How can we get set up with a Blog and get started? Below you’ll find the ncessary steps to get yourself, and your course candidates set up using the built in D2L Blog tool, and some suggestions for how to get your course candidates reflecting.

This Video from D2L Brightspace provides a good introduction to the Blog Tool. It shows how to set up, post, set the visibility of posts, add comments, and publish blog posts, as well as set up a Blog Watch of people whose Blogs you wish to read e.g. the candidates in your course.

As Instructors, in order to post to your own Blog, you will need to click “View as Candidate” under your name at the top right of any screen. When you start using your Blog, it’s a good idea to open the Blog Settings gear and click on the checkboxes that make your Blog visible to others. You can turn off commenting, but the point of a Blog is to be open and transparent about your own learning so checking “Allow comments by default” is a good choice in order to initiate feedback. “Make entries public by default” allows all readers within D2L to see your post, and checking “Allow blog to be read by anyone” makes your Blog visible beyond D2L to a wider audience, if you choose to share the URL Permalink or the feed of your Blog.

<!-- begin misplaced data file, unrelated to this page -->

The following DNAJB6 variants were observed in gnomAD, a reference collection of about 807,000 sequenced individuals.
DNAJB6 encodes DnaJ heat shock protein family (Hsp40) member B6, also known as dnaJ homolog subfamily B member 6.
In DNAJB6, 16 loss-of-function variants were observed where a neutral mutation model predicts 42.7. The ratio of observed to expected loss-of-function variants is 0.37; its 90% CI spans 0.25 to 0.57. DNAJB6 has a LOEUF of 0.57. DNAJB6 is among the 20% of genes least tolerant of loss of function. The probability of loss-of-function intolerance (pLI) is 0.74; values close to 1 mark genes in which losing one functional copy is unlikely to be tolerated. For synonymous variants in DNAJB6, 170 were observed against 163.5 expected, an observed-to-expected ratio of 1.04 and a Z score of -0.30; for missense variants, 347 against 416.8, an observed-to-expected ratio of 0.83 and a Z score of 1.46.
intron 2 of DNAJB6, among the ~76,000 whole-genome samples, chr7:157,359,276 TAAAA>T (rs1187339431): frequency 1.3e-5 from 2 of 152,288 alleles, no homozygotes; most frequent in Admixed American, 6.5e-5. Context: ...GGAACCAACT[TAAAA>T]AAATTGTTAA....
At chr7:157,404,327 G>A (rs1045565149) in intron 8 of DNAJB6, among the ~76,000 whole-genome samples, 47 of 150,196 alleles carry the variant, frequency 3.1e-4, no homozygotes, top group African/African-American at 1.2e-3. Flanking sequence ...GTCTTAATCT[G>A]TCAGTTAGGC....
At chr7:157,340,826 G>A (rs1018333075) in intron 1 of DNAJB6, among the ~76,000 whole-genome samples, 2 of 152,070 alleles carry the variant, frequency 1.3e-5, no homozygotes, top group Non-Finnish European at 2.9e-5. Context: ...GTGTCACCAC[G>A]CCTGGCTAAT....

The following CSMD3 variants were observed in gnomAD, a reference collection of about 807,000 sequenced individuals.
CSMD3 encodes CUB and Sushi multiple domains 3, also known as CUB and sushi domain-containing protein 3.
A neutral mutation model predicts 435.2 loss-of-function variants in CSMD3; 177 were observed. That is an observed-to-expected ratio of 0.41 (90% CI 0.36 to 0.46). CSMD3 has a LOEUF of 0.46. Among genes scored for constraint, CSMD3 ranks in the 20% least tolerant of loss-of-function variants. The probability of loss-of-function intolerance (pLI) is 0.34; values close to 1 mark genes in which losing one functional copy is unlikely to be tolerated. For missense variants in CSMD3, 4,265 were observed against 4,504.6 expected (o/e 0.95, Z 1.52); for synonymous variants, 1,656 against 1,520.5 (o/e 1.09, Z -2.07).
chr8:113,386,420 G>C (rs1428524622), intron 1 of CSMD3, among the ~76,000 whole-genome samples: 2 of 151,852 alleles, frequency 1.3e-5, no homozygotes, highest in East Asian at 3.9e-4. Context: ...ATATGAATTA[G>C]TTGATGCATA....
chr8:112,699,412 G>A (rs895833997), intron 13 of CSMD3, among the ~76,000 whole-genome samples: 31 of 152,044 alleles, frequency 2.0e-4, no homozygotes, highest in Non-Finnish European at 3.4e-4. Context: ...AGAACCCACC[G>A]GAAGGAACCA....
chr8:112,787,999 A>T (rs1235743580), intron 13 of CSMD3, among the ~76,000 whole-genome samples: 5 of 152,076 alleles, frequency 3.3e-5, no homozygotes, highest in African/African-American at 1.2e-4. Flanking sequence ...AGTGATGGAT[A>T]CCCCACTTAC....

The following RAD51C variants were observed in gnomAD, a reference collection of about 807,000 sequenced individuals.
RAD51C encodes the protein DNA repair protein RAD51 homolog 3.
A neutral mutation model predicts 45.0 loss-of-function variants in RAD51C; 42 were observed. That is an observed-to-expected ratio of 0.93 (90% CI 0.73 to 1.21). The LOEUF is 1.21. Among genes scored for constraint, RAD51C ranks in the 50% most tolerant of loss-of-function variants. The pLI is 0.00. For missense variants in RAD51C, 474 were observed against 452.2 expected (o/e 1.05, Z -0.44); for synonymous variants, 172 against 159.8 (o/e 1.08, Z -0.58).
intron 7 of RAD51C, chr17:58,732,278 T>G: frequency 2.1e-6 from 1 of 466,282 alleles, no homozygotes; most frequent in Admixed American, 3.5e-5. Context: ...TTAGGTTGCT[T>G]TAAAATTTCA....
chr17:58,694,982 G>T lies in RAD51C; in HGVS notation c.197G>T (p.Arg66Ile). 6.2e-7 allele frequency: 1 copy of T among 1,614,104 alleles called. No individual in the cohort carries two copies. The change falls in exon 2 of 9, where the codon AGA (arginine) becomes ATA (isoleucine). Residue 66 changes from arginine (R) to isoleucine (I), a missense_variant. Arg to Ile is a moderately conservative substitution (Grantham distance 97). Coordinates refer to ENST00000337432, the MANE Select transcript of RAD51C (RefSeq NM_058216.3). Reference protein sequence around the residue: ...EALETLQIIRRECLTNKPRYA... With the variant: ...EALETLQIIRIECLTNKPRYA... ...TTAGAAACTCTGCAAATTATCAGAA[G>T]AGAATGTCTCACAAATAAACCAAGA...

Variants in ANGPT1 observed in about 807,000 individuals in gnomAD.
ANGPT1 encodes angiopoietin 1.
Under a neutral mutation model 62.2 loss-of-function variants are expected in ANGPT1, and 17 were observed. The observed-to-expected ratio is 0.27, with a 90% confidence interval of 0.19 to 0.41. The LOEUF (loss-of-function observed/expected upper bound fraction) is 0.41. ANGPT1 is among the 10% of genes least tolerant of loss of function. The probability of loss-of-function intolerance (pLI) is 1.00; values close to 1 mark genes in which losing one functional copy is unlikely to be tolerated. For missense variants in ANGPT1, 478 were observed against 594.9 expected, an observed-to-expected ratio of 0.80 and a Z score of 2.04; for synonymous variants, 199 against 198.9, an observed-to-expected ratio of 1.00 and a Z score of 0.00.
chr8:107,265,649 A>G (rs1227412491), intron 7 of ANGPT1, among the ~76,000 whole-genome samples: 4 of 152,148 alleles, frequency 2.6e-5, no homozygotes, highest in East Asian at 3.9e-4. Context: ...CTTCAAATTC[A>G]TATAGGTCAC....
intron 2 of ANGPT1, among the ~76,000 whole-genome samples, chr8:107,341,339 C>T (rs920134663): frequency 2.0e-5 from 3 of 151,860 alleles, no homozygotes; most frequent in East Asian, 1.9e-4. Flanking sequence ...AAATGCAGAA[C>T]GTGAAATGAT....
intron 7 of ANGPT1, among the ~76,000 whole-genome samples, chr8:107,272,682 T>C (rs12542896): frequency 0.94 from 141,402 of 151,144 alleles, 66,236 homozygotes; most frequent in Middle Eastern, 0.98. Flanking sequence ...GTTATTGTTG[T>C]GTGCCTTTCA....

See the Blog Settings graphic below. After clicking the Blog link in the Communications Dropdown menu, click the Settings Gear near the top right of the screen.


Once you are set up, all you need to do is click on New Entry and start writing! Start with a descriptive title and go from there. The challenge comes with knowing what to write about, but gets easier if you think about your Blog as a reflection space where you record your thoughts about what you are learning from teaching your course, taking a course, or any other ideas that pop in your head worth recording! What if your Course Blog became the place where you summarized the week’s learning in your course’s Discussion Forums? Or maybe the summary for each LE? Think about a Blog as metadata about your own personal learning, what you are thinking about as you learn, what your candidates are sharing in the forums. The possibilities are endless.

One of the ways Blogs are ranked on Google is by how often they link to other Blogs, so link your writing to documents or texts that relate to your learning. Share websites that may be useful or relevant. Use the editing tools to add these links, or insert imagery, embed videos, and add text formatting that will make your Blog more interesting, more readable. When you’re done, click Save! You are done. For now. You can edit it again later if you wish or add more content, or correct anything, even after it’s published. If comments appear, you will get a notification and respond if necessary.